There are, I believe, two types of supermarket shoppers.
There are those who like to shop around, write lists, take their time and compare prices.
These are shoppers who tend to prepare their week's menus in advance and have a budget and stick to it. They have their reusable bags ready to pack.
Then there are those who are brand-loyal regardless of that week's price, they are not prepared, their incomplete and hastily-written lists are on the backs of used envelopes and they usually spend more money after having gone up and down the aisles figuring out from memory what they need.
There are no reusable bags in their car, having forgotten to put them back in the boot after the last shop.
I would say I'm a mixture of about 10 per cent the former and 90 per cent the latter.
But I think good for those who are prepared and can get the most out of their regular trip to the supermarket.
But are we getting a fair shake of the sauce bottle from our supermarkets?
The Commerce Commission released its draft report into our country's supermarket ''duopoly'' this week, warning that supermarkets could be forced to sell their wholesale businesses, or some sites, to boost competition.
The two major players – Woolworths (Countdown) and Foodstuffs (New World and Pak'nSave) – usually only consider what each other is doing when considering prices, the Commission found.
The report also found "many suppliers have few alternatives but to supply the major retailers". This allowed the supermarkets "to exercise their buyer power to push excess risks, costs and uncertainty on to suppliers", the Commission said.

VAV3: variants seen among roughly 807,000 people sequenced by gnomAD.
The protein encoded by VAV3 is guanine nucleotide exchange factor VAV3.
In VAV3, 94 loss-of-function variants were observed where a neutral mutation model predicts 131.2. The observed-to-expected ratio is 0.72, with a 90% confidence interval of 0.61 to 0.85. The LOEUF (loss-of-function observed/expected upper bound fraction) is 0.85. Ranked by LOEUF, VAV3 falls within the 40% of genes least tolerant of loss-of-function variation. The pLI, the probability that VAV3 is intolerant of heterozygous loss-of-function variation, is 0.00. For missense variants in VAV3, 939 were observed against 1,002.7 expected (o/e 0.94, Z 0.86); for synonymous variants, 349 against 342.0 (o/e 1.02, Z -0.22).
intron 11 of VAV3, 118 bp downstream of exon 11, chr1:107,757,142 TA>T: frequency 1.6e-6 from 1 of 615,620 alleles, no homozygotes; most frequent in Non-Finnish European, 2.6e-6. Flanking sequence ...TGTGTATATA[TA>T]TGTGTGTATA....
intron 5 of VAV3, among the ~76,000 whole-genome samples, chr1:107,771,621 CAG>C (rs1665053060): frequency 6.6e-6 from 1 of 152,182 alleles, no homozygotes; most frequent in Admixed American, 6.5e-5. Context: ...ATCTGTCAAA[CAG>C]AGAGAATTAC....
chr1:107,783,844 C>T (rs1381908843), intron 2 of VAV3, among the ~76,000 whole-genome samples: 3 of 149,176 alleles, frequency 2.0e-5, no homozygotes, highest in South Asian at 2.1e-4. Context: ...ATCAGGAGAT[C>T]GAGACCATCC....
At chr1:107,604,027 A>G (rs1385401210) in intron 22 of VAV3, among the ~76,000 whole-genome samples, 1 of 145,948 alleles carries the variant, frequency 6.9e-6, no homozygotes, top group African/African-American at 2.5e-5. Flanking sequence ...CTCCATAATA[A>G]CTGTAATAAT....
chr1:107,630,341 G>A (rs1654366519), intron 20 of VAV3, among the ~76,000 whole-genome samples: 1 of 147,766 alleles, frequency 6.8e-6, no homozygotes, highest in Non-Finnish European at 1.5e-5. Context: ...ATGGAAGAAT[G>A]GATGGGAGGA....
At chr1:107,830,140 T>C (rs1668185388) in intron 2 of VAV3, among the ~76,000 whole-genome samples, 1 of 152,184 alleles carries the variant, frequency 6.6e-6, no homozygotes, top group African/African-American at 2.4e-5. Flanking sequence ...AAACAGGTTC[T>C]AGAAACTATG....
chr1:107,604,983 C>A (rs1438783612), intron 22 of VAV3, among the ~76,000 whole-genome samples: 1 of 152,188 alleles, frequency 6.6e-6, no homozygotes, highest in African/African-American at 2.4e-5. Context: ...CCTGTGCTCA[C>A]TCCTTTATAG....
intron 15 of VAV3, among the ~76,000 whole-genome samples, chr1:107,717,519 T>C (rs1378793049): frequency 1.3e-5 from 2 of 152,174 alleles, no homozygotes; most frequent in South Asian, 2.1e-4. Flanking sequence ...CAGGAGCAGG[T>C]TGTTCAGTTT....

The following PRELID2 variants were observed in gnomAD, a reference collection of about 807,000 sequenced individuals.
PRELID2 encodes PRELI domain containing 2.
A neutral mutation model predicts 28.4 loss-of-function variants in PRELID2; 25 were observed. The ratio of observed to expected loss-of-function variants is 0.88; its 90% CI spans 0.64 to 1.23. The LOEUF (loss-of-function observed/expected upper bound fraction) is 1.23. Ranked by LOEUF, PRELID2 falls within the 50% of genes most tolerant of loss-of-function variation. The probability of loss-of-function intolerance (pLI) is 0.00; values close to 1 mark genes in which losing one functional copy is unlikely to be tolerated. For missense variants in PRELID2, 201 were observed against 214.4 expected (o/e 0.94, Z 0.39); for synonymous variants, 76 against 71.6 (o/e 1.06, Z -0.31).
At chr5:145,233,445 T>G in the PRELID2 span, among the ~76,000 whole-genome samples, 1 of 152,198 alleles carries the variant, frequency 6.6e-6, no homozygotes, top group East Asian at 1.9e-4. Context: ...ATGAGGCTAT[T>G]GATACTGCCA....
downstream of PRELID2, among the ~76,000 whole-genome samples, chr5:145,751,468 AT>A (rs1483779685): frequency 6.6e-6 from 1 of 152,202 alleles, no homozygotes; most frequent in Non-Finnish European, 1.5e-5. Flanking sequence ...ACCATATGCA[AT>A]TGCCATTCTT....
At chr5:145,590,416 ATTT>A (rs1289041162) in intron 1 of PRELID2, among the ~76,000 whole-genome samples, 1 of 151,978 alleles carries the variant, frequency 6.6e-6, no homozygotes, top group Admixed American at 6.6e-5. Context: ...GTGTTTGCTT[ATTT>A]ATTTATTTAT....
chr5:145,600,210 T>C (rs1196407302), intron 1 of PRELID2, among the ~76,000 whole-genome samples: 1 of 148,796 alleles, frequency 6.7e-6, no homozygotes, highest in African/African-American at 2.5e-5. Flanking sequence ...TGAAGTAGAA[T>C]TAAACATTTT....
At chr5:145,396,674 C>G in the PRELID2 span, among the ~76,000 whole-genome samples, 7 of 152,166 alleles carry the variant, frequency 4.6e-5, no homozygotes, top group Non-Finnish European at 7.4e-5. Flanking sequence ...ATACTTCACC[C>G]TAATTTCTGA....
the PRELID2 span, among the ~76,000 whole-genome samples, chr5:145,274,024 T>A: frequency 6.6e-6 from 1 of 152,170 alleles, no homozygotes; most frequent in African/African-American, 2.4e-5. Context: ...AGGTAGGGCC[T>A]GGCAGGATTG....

Tauranga Chamber of Commerce boss Matt Cowley has called the report a "warning shot" for supermarkets to find ways to review their supplier agreements and customer pricing strategies.
Supermarkets have to ensure there was fair value shared along their supply chain to support smaller businesses.
"The farmers ... the transporters and the supermarkets need to earn their fair share."
He's right, of course.
I believe the industry needs to have a fairer model, producers need to be fairly recompensed for their products and in a way that's not put back on to consumers.
It's a fine balance to try and navigate. The margins need more balance in favour of growers and there needs to be more competition.
I hope the commission's warnings lead to change. I love a good bargain - but not at the cost of a farmer's livelihood.